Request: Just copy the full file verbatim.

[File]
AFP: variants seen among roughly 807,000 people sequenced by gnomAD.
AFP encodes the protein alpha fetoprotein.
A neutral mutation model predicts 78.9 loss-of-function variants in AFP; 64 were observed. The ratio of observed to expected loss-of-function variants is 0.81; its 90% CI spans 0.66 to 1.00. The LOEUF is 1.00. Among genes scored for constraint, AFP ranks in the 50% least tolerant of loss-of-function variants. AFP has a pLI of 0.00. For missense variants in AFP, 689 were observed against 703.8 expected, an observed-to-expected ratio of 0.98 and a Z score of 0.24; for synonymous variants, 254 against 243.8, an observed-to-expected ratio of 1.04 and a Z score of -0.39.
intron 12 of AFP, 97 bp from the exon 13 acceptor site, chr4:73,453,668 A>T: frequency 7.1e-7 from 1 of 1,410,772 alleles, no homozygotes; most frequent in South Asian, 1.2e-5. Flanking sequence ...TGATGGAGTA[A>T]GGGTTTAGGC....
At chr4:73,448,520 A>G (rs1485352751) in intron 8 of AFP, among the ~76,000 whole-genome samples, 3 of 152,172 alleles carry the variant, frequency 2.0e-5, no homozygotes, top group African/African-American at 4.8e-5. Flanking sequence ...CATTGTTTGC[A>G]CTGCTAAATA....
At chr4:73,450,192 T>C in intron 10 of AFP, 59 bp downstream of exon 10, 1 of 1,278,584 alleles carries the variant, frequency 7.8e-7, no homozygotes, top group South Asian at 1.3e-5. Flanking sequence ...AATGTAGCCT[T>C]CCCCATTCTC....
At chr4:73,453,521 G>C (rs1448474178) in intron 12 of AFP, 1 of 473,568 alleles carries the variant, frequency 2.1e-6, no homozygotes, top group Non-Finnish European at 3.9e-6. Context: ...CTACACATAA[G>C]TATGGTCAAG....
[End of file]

AFP: variants seen among roughly 807,000 people sequenced by gnomAD.
AFP encodes the protein alpha fetoprotein.
A neutral mutation model predicts 78.9 loss-of-function variants in AFP; 64 were observed. The ratio of observed to expected loss-of-function variants is 0.81; its 90% CI spans 0.66 to 1.00. The LOEUF is 1.00. Among genes scored for constraint, AFP ranks in the 50% least tolerant of loss-of-function variants. AFP has a pLI of 0.00. For missense variants in AFP, 689 were observed against 703.8 expected, an observed-to-expected ratio of 0.98 and a Z score of 0.24; for synonymous variants, 254 against 243.8, an observed-to-expected ratio of 1.04 and a Z score of -0.39.
intron 12 of AFP, 97 bp from the exon 13 acceptor site, chr4:73,453,668 A>T: frequency 7.1e-7 from 1 of 1,410,772 alleles, no homozygotes; most frequent in South Asian, 1.2e-5. Flanking sequence ...TGATGGAGTA[A>T]GGGTTTAGGC....
At chr4:73,448,520 A>G (rs1485352751) in intron 8 of AFP, among the ~76,000 whole-genome samples, 3 of 152,172 alleles carry the variant, frequency 2.0e-5, no homozygotes, top group African/African-American at 4.8e-5. Flanking sequence ...CATTGTTTGC[A>G]CTGCTAAATA....
At chr4:73,450,192 T>C in intron 10 of AFP, 59 bp downstream of exon 10, 1 of 1,278,584 alleles carries the variant, frequency 7.8e-7, no homozygotes, top group South Asian at 1.3e-5. Flanking sequence ...AATGTAGCCT[T>C]CCCCATTCTC....
At chr4:73,453,521 G>C (rs1448474178) in intron 12 of AFP, 1 of 473,568 alleles carries the variant, frequency 2.1e-6, no homozygotes, top group Non-Finnish European at 3.9e-6. Context: ...CTACACATAA[G>C]TATGGTCAAG....